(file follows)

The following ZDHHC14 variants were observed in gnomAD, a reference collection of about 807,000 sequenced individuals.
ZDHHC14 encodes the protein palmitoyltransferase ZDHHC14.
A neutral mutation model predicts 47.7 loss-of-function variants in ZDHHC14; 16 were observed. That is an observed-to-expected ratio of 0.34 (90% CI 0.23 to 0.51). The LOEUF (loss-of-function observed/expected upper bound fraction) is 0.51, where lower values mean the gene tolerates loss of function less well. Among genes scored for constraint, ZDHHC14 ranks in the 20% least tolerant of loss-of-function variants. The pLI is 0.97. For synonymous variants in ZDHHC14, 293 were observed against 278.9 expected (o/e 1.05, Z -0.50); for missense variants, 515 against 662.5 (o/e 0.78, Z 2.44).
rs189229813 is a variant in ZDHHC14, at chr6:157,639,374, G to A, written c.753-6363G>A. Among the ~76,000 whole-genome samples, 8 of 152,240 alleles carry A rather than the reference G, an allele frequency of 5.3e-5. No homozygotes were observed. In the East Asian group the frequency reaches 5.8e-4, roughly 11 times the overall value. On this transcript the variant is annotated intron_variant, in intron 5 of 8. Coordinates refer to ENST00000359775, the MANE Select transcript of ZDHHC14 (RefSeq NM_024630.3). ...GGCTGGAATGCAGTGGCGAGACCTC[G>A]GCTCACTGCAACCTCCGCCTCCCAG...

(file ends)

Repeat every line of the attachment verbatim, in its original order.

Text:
The following ZDHHC14 variants were observed in gnomAD, a reference collection of about 807,000 sequenced individuals.
ZDHHC14 encodes the protein palmitoyltransferase ZDHHC14.
A neutral mutation model predicts 47.7 loss-of-function variants in ZDHHC14; 16 were observed. That is an observed-to-expected ratio of 0.34 (90% CI 0.23 to 0.51). The LOEUF (loss-of-function observed/expected upper bound fraction) is 0.51, where lower values mean the gene tolerates loss of function less well. Among genes scored for constraint, ZDHHC14 ranks in the 20% least tolerant of loss-of-function variants. The pLI is 0.97. For synonymous variants in ZDHHC14, 293 were observed against 278.9 expected (o/e 1.05, Z -0.50); for missense variants, 515 against 662.5 (o/e 0.78, Z 2.44).
rs189229813 is a variant in ZDHHC14, at chr6:157,639,374, G to A, written c.753-6363G>A. Among the ~76,000 whole-genome samples, 8 of 152,240 alleles carry A rather than the reference G, an allele frequency of 5.3e-5. No homozygotes were observed. In the East Asian group the frequency reaches 5.8e-4, roughly 11 times the overall value. On this transcript the variant is annotated intron_variant, in intron 5 of 8. Coordinates refer to ENST00000359775, the MANE Select transcript of ZDHHC14 (RefSeq NM_024630.3). ...GGCTGGAATGCAGTGGCGAGACCTC[G>A]GCTCACTGCAACCTCCGCCTCCCAG...